The role of catchment characteristics in determining surface water nitrogen in four upland regions in the UK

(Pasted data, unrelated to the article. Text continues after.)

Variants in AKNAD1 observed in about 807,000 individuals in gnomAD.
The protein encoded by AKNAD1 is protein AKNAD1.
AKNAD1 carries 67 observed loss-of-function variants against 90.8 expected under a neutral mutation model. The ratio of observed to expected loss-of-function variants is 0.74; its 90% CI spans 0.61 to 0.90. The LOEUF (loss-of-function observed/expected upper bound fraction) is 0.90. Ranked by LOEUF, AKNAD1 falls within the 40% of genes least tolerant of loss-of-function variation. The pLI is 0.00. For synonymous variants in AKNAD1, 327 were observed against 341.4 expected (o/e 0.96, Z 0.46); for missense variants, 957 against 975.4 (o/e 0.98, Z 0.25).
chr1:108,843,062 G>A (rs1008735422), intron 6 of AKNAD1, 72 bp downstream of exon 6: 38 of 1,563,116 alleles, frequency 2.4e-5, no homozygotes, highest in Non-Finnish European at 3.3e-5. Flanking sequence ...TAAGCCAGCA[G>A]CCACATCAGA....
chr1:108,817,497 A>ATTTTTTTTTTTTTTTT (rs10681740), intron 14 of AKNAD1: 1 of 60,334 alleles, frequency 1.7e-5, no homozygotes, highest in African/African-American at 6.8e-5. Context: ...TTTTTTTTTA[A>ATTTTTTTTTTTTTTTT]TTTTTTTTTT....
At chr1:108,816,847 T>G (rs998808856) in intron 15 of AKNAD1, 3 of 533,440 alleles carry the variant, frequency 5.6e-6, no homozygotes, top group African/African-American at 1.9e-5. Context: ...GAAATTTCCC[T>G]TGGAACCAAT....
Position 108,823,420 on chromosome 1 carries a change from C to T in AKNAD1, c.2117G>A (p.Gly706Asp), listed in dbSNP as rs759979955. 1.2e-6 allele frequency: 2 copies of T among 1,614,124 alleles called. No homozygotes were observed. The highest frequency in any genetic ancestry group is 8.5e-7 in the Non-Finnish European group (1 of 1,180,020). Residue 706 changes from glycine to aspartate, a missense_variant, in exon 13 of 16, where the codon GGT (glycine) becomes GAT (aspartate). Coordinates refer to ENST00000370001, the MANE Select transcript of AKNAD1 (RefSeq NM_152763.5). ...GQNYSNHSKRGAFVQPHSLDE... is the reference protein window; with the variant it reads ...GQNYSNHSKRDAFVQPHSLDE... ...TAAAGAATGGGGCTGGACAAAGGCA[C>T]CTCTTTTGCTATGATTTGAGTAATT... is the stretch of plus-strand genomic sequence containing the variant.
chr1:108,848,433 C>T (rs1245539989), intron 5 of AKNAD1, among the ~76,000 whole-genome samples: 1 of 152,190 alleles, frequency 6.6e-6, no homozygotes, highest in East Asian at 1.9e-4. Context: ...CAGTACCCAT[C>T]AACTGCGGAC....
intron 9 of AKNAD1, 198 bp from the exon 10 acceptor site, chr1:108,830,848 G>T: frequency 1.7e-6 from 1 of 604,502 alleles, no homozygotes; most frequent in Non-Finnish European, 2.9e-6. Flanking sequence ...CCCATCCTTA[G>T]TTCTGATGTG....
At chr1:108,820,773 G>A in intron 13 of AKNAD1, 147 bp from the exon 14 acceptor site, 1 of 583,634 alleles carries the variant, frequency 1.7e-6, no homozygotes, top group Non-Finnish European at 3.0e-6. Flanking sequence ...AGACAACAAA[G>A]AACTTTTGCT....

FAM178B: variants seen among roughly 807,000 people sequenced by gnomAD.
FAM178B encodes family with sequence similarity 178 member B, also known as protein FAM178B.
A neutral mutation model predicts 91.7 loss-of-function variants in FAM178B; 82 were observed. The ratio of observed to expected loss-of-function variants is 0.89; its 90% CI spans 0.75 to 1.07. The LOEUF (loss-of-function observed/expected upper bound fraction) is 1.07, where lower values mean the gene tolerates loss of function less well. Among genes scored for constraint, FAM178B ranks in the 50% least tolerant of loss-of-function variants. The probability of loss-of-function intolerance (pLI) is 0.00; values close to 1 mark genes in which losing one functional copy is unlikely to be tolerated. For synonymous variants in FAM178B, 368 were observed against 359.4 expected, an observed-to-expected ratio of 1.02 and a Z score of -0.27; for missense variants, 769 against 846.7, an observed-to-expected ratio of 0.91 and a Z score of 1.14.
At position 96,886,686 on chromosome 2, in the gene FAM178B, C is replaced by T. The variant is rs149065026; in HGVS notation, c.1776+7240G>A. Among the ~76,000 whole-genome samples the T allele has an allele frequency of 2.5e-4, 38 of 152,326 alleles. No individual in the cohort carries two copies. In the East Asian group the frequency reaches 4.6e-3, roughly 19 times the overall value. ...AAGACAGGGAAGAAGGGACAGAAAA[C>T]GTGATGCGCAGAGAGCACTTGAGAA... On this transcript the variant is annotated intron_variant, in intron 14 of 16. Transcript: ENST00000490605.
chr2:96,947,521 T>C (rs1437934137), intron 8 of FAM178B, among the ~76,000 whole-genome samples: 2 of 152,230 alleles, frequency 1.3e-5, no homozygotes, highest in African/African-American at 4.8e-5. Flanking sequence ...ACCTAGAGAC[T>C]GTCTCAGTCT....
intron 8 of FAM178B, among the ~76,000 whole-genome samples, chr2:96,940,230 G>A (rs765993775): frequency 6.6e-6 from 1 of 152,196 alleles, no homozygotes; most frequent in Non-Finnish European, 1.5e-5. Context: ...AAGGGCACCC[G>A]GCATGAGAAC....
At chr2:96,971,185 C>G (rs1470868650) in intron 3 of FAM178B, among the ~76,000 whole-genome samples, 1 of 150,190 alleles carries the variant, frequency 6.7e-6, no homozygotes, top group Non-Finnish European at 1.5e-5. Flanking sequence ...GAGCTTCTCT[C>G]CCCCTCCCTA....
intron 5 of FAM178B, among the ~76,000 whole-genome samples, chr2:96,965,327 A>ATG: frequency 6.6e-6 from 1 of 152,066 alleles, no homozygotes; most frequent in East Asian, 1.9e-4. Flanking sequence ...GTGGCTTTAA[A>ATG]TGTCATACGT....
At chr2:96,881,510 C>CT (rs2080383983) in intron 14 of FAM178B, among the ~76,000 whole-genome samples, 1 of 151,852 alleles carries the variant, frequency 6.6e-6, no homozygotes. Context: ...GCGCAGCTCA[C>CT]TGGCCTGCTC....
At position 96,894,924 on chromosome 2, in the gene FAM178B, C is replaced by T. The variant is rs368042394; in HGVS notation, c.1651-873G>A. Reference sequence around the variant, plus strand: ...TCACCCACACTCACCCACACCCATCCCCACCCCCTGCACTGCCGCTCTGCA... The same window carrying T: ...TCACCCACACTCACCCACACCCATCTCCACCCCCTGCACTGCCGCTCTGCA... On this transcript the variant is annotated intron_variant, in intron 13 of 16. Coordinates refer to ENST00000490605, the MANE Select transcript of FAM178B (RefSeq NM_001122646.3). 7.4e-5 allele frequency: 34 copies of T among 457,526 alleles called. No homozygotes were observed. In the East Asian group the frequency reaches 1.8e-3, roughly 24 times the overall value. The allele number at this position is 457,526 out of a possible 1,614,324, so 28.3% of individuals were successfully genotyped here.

Abstract. Hydrochemical and catchment data from 80 upland moorland sites in four regions with contrasting climate, soils, geology and geomorphology have been analysed to assess the key catchment attributes that influence enhanced leaching of soluble nitrogen to surface waters. The regions are the South Pennines of northern England, the Snowdonia National Park in north Wales, the Galloway region of south-west Scotland and the Mourne Mountains in Northern Ireland, all highly acidified, with median pH values of <5.5. Linear regression of mean summer and winter concentrations for nitrate (NO3−), ammonium (NH4+), dissolved organic nitrogen (DON) and dissolved organic carbon (DOC) were expressed as functions of catchment attributes. Nitrate concentrations in waters draining catchments dominated by peaty soils (large C pool) were much less than those in catchments dominated by mineral soils (small C pool). Hence, if future N deposition levels are maintained or increase, high-altitude catchments with small carbon pools are potentially more susceptible to NO3− leaching. All N species exhibit seasonality; this is most marked in Galloway and least marked in the South Pennines, which implies that the South Pennines have reached an advanced stage of N saturation. Surface water inorganic N concentrations and the ratio of dissolved organic carbon (DOC) to dissolved organic N (DON) can be related to deposition inputs, although relationships differ throughout the year. If the DOC/DON ratio is indicative of catchment N saturation, levels of N retention are at least partially determined by deposition levels. This study identifies N deposition as a major inter-regional control on the degree of catchment N saturation and on N leaching to surface waters; it stresses the importance of catchment factors in modifying the relationship between N deposition and leaching in acid sensitive UK upland catchments.